Q&A with Silvia Lospennato, Republican Proposal Party member of the Argentine Congress
Argentina has been a pioneer in the region in defense of civil rights, and the legalization of abortion is no exception. Although the last attempt to legalize abortion in Argentina was unsuccessful, it served only as an obstacle to be overcome, encouraging the 'pañuelos verdes,' to go out into the streets with full force. So much so that a week ago, a bill was presented to legalize abortion for the eighth time in Congress. The project is similar to last year’s, and defends free abortion until 14 weeks of pregnancy, extending the deadline for cases of rape or risk of life to the mother. In the middle of an election year, the passing of the law could be difficult, or possibly more likely. The issue of abortion has polarized Argentina, creating divisions even within the same parties. Even so, there are legislators and activists, such as congresswoman Silvia Lospennato, who are committed to promoting and supporting bills that advance gender equality and women's rights in the country.
Q: As one of the strongest voices in favor of legalizing abortion, you have shown a notable commitment to women’s rights. What would be the significance for Argentina of the legalization or decriminalization of abortion? Would it have an important effect on Latin America?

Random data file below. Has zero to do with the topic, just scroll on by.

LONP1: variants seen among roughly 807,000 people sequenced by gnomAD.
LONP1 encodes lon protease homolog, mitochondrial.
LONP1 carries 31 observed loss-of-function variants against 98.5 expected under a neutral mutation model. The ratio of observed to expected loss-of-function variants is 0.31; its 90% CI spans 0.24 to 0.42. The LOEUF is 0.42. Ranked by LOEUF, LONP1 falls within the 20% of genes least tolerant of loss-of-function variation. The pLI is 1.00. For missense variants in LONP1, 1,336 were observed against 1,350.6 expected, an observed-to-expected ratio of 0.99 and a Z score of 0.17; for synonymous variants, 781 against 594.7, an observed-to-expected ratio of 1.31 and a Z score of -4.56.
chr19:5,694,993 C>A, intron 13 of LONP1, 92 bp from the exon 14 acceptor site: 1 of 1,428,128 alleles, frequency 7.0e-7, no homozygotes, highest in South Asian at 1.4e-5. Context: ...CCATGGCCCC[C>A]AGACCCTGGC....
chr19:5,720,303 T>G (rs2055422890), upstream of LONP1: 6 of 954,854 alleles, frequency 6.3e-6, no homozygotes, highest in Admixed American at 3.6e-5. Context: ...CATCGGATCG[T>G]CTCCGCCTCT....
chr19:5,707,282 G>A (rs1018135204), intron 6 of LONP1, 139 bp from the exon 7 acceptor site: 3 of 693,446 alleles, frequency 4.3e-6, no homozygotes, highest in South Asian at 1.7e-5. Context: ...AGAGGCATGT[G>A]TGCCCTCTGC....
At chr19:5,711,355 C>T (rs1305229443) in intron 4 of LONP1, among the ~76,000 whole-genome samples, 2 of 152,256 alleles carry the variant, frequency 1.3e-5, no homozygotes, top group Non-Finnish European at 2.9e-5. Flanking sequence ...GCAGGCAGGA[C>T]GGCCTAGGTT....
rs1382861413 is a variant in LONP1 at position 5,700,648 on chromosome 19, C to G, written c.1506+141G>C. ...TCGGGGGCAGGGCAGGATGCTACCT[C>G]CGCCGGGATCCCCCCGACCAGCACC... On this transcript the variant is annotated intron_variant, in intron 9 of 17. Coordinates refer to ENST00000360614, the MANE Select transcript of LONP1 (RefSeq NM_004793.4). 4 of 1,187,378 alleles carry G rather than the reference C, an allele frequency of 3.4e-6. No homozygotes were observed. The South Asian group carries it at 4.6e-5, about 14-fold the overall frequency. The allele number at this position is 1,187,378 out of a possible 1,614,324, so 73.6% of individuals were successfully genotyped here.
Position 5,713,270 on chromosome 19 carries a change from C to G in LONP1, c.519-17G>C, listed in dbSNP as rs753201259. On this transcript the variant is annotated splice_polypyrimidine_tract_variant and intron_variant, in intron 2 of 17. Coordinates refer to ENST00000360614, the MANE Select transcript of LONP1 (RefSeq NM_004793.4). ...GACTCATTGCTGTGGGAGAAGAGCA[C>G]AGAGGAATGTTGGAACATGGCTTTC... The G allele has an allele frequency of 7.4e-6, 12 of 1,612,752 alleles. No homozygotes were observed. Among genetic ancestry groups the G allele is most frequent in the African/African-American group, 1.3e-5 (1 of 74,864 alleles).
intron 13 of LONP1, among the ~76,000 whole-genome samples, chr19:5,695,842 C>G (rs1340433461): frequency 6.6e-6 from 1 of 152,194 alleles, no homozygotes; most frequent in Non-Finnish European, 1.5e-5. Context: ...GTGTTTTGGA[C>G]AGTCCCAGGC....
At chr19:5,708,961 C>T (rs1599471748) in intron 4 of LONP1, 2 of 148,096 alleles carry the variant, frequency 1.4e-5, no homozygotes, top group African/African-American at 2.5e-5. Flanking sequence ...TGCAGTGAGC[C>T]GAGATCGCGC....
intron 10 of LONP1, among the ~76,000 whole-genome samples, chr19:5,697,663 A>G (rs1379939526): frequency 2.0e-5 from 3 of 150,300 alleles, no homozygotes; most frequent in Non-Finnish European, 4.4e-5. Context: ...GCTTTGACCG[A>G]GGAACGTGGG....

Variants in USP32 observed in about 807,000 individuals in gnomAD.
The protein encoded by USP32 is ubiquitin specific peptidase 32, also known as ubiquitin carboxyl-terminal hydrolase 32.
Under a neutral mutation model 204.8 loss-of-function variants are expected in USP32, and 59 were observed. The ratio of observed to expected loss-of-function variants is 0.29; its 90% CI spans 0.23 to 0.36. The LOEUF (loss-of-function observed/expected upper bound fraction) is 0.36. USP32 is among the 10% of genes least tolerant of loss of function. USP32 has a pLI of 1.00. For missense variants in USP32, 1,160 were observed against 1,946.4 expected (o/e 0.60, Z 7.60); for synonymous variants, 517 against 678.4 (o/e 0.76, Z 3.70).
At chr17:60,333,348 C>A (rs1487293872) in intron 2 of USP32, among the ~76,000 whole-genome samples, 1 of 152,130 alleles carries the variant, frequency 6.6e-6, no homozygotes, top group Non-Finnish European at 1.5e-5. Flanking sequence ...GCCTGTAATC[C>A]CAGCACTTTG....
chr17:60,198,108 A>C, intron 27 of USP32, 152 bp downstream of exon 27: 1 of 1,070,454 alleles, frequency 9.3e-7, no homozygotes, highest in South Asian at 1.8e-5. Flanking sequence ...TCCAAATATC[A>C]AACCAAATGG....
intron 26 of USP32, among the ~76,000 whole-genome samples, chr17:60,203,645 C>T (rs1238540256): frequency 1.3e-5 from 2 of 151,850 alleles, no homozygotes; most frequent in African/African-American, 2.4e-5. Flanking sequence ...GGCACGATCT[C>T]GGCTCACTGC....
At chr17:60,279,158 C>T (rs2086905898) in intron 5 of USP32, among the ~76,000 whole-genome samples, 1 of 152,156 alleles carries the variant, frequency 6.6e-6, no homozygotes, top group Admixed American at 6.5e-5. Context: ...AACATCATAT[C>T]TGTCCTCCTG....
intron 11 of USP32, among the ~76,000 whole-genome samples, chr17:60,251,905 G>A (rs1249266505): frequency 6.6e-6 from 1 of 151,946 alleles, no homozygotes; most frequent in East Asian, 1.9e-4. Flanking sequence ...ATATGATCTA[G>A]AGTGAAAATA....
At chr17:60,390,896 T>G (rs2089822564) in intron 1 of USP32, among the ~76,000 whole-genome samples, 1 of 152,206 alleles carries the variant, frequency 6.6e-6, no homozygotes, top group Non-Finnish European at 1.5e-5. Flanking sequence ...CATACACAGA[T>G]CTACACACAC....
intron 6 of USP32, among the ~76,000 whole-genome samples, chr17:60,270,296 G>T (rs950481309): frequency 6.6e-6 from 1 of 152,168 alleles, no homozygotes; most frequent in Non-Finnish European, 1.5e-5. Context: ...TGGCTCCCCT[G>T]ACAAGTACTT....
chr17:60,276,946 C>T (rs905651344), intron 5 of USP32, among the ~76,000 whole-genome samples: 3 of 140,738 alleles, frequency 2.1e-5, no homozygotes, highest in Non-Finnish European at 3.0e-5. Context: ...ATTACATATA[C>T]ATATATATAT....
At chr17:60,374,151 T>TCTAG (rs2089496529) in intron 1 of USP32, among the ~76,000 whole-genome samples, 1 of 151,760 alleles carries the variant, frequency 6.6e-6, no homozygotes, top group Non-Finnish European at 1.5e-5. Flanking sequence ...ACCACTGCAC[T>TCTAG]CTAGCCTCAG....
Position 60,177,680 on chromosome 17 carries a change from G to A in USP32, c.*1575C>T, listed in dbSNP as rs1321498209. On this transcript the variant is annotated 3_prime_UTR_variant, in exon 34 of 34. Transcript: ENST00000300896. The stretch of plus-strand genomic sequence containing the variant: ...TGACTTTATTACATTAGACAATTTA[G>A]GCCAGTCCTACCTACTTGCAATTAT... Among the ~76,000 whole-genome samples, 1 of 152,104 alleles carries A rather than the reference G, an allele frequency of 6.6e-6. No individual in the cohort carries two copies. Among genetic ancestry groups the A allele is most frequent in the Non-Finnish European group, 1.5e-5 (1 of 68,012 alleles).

A: The legalization and decriminalization of abortion are two distinct legal concepts to reproductive rights. Decriminalizing abortion in Argentina would involve broadening existing exceptions in the Supreme Court’s well-known FAL ruling. That decision resolved a debate over the 1921 penal code interpretation, which decriminalized abortion in cases of rape and risks to a mother’s life. By contrast, legalization would guarantee women access to abortions, and that was the objective of legislation passed by the lower house last year but voted down by the senate.
Without a doubt, both legalization and decriminalization would have important effects in our country. Every year in Argentina, public hospitals treat 50,000 women, on average, for complications from unsafe abortions. This endangers the reproductive health of women who resort to unsafe abortions because they lack access to a legal and affordable alternative. So we are talking about a dramatic transformation for countless women; after all, the 50,000 figure is only for women treated at public hospitals.
As for whether this would make an impact in the rest of the region, I am convinced that countries making progress on women’s rights are paving the way for other countries in the region. Argentina has always been a pioneer in expanding women’s rights. The most emblematic example is our quota system for women in congress, which is now common in the region. After this year, our country will have gender parity on candidate lists.